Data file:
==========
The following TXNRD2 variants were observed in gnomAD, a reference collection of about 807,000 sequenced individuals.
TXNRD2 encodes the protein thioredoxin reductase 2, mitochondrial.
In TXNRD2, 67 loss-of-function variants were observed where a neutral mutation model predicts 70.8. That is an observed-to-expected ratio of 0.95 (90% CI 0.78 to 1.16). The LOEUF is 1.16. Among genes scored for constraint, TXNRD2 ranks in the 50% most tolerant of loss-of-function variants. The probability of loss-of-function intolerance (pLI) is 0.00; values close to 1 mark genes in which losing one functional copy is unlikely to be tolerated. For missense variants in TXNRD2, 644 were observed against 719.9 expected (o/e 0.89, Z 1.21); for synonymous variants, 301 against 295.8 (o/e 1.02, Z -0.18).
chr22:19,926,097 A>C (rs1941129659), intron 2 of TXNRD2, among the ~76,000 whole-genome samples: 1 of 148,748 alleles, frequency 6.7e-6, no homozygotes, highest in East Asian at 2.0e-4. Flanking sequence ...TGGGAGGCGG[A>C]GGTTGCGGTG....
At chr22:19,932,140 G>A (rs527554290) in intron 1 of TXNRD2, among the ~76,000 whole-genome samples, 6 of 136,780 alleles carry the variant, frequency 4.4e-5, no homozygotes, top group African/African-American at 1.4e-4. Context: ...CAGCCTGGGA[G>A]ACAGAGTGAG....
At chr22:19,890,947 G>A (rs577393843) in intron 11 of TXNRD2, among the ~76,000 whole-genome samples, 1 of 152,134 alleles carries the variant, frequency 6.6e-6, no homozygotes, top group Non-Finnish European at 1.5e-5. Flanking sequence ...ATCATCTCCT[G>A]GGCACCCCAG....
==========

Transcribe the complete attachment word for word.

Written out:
The following TXNRD2 variants were observed in gnomAD, a reference collection of about 807,000 sequenced individuals.
TXNRD2 encodes the protein thioredoxin reductase 2, mitochondrial.
In TXNRD2, 67 loss-of-function variants were observed where a neutral mutation model predicts 70.8. That is an observed-to-expected ratio of 0.95 (90% CI 0.78 to 1.16). The LOEUF is 1.16. Among genes scored for constraint, TXNRD2 ranks in the 50% most tolerant of loss-of-function variants. The probability of loss-of-function intolerance (pLI) is 0.00; values close to 1 mark genes in which losing one functional copy is unlikely to be tolerated. For missense variants in TXNRD2, 644 were observed against 719.9 expected (o/e 0.89, Z 1.21); for synonymous variants, 301 against 295.8 (o/e 1.02, Z -0.18).
chr22:19,926,097 A>C (rs1941129659), intron 2 of TXNRD2, among the ~76,000 whole-genome samples: 1 of 148,748 alleles, frequency 6.7e-6, no homozygotes, highest in East Asian at 2.0e-4. Flanking sequence ...TGGGAGGCGG[A>C]GGTTGCGGTG....
At chr22:19,932,140 G>A (rs527554290) in intron 1 of TXNRD2, among the ~76,000 whole-genome samples, 6 of 136,780 alleles carry the variant, frequency 4.4e-5, no homozygotes, top group African/African-American at 1.4e-4. Context: ...CAGCCTGGGA[G>A]ACAGAGTGAG....
At chr22:19,890,947 G>A (rs577393843) in intron 11 of TXNRD2, among the ~76,000 whole-genome samples, 1 of 152,134 alleles carries the variant, frequency 6.6e-6, no homozygotes, top group Non-Finnish European at 1.5e-5. Flanking sequence ...ATCATCTCCT[G>A]GGCACCCCAG....